http://www.sheldonbrown.com/canti-direct.html

So I'll correct myself when I described that they should feel grabby, I forget that the although the pull of V-brake levers is double that of regular, it's not a strong pull.

My recommendation remains to the OP, don't install mini-V brakes to solve your problem unless you know that your brake levers are compatible with them.
dr_lha is offline  
Old 04-23-16, 09:59 PM
  #28  
ColonelSanders
Senior Member
 
ColonelSanders's Avatar
 
Join Date: Jan 2014
Location: Brisbane, Australia
Posts: 3,905

Bikes: 2017 Surly Troll with XT Drive Train, 2017 Merida Big Nine XT Edition, 2016 Giant Toughroad SLR 2, 1995 Trek 830

Mentioned: 25 Post(s)
Tagged: 0 Thread(s)
Quoted: 1242 Post(s)
Liked 14 Times in 12 Posts
Originally Posted by nowherebound View Post
Hello -- New to the forum. And recently decided to get back into cycling, since my lovely kids have eroded most of my physical activity.

I just purchased a Specialized Sirrus Elite, with V-brake. But I am questioning whether I made the right choice due to the limitation on tire width. It comes with a 30mm tire (on 15 mm rim) and at the shop they told me the widest tire I might be able to put on it is a 32mm due to the V-brakes and fork interfering. I originally had my head and heart set on 35mm tires. From what I have read, that seems to be the sweet-spot for tires for a mix of urban, gravel riding paths, and occasional section of muddy forest paths -- that's mostly what I'll do. Maybe occasionally a 20-40km+ day-ride with the family. Somehow I like the look of a slightly wider tire with a little bit of inverted (?) tread. But when I test-rode the bike at the shop, I was very pleasantly surprised with how smooth the bike was and comfortable over bumps. It's a reputable bike shop, and they were very emphatic that there 30mm was plenty good for my needs, just need to inflate the tires regularly, etc.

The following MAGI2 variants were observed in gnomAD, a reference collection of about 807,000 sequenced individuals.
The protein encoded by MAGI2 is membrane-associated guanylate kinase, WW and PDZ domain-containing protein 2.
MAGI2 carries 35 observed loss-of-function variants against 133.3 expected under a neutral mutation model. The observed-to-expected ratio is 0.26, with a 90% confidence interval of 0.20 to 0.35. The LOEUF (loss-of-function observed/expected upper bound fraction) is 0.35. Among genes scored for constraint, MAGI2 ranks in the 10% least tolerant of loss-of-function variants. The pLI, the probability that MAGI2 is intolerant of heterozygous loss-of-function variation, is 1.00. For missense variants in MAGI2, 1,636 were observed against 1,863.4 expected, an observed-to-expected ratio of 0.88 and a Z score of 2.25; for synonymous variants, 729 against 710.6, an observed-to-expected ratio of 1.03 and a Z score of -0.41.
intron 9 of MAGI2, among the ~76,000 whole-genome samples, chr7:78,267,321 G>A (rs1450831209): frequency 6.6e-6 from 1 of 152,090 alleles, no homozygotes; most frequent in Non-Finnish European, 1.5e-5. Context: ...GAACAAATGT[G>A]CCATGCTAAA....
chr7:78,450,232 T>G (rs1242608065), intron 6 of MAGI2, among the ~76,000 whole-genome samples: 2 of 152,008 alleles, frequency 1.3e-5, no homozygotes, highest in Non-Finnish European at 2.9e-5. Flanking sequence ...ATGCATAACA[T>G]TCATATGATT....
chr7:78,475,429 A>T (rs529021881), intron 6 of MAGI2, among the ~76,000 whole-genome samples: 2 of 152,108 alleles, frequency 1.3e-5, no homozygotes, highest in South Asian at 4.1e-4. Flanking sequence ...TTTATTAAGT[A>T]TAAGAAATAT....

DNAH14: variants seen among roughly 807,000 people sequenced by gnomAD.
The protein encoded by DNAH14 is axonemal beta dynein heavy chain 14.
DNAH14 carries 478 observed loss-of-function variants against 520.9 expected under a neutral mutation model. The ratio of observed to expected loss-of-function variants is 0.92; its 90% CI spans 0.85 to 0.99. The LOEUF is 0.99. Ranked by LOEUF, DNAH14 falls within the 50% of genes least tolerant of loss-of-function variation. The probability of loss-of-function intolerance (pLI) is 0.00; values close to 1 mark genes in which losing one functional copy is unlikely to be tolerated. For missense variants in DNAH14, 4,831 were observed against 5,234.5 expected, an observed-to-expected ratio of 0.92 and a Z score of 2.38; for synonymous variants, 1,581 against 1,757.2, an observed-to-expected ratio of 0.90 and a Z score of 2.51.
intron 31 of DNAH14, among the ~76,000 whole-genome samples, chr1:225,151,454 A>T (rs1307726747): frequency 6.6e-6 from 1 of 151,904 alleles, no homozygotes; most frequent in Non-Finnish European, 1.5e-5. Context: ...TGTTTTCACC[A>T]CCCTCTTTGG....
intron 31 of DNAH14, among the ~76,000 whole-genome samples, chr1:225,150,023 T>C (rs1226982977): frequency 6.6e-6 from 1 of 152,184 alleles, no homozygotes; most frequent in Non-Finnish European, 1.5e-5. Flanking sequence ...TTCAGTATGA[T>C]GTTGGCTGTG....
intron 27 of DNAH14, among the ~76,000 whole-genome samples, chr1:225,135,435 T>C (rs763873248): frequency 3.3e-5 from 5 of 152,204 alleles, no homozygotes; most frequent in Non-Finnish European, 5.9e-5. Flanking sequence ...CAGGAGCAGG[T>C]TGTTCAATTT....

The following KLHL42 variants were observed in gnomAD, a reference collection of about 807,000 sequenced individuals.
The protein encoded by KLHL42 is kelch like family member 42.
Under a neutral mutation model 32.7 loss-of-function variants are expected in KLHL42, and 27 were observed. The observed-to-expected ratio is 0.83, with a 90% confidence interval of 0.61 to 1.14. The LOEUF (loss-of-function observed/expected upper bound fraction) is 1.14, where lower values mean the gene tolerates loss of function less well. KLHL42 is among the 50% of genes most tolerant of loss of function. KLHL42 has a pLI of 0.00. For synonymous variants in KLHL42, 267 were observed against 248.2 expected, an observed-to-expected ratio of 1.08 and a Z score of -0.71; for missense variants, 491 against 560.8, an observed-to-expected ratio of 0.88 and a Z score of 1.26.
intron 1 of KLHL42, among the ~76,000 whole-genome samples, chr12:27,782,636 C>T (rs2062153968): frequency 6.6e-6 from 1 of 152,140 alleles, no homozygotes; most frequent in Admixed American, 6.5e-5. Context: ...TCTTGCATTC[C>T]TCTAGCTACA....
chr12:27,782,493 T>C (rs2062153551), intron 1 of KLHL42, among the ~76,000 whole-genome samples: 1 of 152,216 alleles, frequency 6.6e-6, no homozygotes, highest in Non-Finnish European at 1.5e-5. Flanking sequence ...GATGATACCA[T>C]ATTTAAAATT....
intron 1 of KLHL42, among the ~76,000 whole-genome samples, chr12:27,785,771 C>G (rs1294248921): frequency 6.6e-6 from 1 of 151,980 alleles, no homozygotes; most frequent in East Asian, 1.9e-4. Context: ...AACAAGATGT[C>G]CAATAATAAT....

I'm not an intense rider, so maybe not worth analyzing as much as I am. But I like to have the right equipment for whatever I do. And I would hate to think I made a bad choice that would limit my options, but would rather know now.

So many different opinions on the web -- but I am reaching out for even more opinions. Did I make a not-so-good choice? Or am I over analyzing and everything will be fine? (I weigh 200lbs/91kg if that matters)